BEIJING - China is on track to meeting its growth target of around 6.5 per cent this year, and could well exceed it, a senior economic official said on Tuesday (Oct 10).
Citing a stronger-than-expected economic expansion of 6.9 per cent in the first half of the year, Mr Ning Jizhe, head of the statistics bureau, said various indicators such as the 21.6 per cent surge in industrial profits for the first eight months from a year earlier has shown that the economy is improving steadily.
"China will have no problem meeting the economic growth target of around 6.5 per cent," Mr Ning said at a briefing on China's economic achievements for the past five years, adding "the full-year number could turn out to be even better".
If this happens, it will be the first pick-up in China's growth in seven years, after dipping to 6.7 per cent - a 26-year low - in 2016.
"Both the (Chinese Communist) Party and the State Council have stated, other than the growth rate, we should also pay attention to other indicators such as employment, prices of goods and the environment," Mr Ning said.
"Over the past few years, we have strong employment numbers, prices have been lower than expected and our environment has been improving. So from these various indicators, we are confident, capable and have the right conditions to achieve this year's socio-economic development targets," he added.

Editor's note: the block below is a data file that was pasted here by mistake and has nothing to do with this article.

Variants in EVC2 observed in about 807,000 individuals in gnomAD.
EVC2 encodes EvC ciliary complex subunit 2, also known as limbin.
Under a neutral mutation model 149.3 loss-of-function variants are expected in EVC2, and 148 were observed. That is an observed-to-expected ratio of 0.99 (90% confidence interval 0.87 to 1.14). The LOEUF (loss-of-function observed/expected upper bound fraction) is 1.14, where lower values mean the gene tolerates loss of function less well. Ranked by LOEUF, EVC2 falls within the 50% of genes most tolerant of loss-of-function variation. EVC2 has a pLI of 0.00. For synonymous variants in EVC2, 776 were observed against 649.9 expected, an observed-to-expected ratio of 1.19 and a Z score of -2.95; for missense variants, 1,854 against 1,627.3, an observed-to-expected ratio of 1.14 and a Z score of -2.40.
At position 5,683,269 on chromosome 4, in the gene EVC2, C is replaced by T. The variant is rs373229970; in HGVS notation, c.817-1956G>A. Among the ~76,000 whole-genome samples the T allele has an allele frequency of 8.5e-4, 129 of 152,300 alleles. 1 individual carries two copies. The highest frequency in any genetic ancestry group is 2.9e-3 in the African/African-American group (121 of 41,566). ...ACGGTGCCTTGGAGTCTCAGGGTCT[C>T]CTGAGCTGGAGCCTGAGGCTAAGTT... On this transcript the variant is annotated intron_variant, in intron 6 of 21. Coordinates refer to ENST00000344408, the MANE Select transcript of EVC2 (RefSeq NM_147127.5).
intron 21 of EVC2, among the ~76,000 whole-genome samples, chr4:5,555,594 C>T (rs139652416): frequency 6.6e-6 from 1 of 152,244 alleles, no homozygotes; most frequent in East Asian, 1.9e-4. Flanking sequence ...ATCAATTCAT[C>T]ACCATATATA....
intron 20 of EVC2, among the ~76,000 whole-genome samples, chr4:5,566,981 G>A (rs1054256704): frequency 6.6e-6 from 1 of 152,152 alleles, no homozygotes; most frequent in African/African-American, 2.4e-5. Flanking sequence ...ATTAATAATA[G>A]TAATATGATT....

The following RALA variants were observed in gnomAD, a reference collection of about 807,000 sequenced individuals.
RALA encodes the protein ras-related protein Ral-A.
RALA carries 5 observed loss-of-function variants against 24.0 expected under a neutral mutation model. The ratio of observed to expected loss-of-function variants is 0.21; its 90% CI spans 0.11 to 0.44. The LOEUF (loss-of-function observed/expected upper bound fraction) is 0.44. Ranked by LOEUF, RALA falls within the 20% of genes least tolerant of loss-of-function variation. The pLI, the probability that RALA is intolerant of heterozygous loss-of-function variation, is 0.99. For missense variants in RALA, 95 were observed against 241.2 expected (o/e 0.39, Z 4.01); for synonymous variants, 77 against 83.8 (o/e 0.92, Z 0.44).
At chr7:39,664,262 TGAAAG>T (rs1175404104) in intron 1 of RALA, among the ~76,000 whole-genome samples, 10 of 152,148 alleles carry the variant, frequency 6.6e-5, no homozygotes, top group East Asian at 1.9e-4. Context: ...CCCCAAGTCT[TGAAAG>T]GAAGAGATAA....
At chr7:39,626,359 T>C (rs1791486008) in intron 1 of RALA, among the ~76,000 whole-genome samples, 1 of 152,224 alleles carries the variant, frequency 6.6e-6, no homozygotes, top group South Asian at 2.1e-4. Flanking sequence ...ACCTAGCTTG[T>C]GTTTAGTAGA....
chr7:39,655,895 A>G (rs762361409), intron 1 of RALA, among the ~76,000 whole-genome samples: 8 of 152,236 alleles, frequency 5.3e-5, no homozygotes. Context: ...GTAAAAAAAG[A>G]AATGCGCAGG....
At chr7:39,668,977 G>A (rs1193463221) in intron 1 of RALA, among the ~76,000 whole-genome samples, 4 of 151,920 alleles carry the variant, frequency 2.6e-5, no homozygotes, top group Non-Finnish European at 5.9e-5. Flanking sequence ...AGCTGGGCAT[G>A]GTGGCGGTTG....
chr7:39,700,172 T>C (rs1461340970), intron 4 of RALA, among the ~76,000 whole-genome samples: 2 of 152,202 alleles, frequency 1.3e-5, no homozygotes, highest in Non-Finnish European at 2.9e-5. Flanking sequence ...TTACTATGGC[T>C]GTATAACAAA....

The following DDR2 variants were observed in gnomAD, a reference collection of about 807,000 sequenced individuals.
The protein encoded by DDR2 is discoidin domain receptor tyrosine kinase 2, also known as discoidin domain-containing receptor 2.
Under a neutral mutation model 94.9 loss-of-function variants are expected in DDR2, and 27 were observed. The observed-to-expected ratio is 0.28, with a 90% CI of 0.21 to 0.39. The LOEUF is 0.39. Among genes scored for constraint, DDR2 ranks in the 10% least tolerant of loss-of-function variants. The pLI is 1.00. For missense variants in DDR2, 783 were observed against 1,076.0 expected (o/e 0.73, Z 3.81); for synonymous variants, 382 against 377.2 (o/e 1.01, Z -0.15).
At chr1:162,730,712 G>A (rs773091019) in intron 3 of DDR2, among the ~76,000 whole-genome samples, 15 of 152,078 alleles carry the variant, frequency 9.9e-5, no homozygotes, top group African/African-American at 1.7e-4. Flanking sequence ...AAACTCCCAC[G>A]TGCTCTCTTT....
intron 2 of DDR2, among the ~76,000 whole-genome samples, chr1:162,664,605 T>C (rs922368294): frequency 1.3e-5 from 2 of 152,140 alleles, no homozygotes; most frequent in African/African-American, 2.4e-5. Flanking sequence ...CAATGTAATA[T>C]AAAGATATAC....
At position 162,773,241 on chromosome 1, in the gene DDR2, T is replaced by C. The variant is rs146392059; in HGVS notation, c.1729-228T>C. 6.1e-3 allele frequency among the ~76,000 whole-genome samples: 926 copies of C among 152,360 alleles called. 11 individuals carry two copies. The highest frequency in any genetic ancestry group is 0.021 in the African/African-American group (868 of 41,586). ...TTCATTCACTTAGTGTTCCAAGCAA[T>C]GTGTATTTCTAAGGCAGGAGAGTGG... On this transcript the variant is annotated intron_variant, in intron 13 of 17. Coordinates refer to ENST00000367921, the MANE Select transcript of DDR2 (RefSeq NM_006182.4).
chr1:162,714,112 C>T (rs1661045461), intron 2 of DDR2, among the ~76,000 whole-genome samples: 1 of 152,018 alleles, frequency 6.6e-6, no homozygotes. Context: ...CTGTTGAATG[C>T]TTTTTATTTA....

Analysts have said that much of the robust growth comes on the back of continued heavy government infrastructure spending and the on-going property boom, which may start to wane in the coming months.
Mr Ning told reporters that the property cooling measures rolled out in various cities have shown results and will continue.
"In particular, we will gradually build up a long-term mechanism for controlling the property market," he said.
One of the key measures of this "long-term mechanism" is seen to be property taxes, which could be effective in curbing speculative buying, analysts have said.
In a low-down on China's economy for the past five years, Mr Ning said the country has entered a period of "new normal", where growth has slowed to a "moderate-to-high rate" of an average of 7.2 per cent for the past four years compared to the high double digit growth previously.
In this "new normal", upgrading and restructuring of the economy has picked up pace. Consumption has replaced investments as the main driver of growth and services has become the biggest sector in the economy.
The economy has also found new growth drivers in new industries, new business formats and new business models such as the sharing economy, and e-commerce.
In 2015, such new economic engines created an economic added value equivalent to 14.8 per cent of the gross domestic product.
"The characteristics of a new normal in our economic growth has taken clearer shape, supporting the economy, creating jobs and income for our people," said Mr Ning.